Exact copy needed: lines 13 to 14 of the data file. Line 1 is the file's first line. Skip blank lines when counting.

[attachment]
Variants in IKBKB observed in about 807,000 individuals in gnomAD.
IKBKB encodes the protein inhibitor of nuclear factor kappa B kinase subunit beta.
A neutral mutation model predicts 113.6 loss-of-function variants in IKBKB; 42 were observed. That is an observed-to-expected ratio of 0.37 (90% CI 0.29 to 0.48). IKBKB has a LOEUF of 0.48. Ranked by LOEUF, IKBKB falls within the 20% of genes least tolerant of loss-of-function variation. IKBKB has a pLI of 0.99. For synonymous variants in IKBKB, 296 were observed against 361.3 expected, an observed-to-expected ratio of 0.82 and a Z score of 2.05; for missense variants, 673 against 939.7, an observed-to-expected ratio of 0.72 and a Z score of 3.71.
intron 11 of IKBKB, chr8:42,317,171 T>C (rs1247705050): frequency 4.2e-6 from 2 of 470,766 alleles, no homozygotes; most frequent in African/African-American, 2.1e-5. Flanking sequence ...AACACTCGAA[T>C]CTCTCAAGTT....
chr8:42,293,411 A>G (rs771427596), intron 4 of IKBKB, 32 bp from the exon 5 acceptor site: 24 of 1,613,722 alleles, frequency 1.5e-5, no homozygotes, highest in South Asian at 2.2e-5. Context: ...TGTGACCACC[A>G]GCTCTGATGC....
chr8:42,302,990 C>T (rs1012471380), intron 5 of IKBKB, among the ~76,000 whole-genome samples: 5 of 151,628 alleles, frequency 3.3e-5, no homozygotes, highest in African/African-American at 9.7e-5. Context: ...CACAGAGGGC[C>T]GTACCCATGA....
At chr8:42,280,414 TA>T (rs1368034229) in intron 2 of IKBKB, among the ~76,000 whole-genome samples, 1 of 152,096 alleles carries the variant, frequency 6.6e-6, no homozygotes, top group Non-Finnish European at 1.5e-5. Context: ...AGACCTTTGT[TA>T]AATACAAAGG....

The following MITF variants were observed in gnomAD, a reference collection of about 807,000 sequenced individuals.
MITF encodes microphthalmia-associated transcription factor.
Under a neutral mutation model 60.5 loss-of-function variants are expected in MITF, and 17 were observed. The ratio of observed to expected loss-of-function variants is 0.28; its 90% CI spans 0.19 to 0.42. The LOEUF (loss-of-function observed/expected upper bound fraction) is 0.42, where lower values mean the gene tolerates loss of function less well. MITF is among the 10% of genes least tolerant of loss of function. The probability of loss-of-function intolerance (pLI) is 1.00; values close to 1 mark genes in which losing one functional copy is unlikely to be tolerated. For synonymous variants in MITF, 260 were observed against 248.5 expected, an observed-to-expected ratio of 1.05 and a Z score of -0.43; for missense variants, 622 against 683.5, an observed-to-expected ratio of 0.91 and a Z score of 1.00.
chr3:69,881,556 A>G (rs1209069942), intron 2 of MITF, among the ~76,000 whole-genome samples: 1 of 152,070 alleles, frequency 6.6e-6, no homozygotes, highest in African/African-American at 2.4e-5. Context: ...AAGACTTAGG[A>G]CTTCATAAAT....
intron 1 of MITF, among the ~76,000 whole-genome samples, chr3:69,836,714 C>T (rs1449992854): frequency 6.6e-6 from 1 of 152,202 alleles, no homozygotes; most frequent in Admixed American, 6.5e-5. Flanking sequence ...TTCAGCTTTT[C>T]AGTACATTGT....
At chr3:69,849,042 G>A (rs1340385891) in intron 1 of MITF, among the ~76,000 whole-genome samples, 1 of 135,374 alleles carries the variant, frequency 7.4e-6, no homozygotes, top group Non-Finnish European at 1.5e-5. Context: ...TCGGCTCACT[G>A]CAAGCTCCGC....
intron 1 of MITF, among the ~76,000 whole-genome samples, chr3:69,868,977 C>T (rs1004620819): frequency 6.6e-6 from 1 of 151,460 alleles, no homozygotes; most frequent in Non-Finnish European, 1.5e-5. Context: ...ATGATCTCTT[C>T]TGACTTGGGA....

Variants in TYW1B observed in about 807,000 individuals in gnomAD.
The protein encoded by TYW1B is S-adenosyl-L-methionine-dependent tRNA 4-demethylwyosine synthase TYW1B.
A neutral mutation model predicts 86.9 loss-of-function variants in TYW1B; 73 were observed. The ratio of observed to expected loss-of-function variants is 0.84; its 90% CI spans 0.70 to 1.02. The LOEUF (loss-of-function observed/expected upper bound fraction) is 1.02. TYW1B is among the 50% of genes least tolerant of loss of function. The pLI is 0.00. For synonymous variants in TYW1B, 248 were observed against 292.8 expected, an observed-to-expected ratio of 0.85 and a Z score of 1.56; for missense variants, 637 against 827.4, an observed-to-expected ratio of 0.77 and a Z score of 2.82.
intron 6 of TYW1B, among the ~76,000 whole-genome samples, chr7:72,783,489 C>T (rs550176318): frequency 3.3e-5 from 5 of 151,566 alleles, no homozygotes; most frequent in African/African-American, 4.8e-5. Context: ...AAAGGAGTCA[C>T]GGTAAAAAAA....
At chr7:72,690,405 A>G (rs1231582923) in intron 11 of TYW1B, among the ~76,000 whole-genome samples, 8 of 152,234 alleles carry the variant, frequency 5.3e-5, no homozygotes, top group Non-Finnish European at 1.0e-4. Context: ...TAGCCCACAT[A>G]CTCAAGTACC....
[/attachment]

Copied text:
At chr3:69,849,042 G>A (rs1340385891) in intron 1 of MITF, among the ~76,000 whole-genome samples, 1 of 135,374 alleles carries the variant, frequency 7.4e-6, no homozygotes, top group Non-Finnish European at 1.5e-5. Context: ...TCGGCTCACT[G>A]CAAGCTCCGC....
intron 1 of MITF, among the ~76,000 whole-genome samples, chr3:69,868,977 C>T (rs1004620819): frequency 6.6e-6 from 1 of 151,460 alleles, no homozygotes; most frequent in Non-Finnish European, 1.5e-5. Context: ...ATGATCTCTT[C>T]TGACTTGGGA....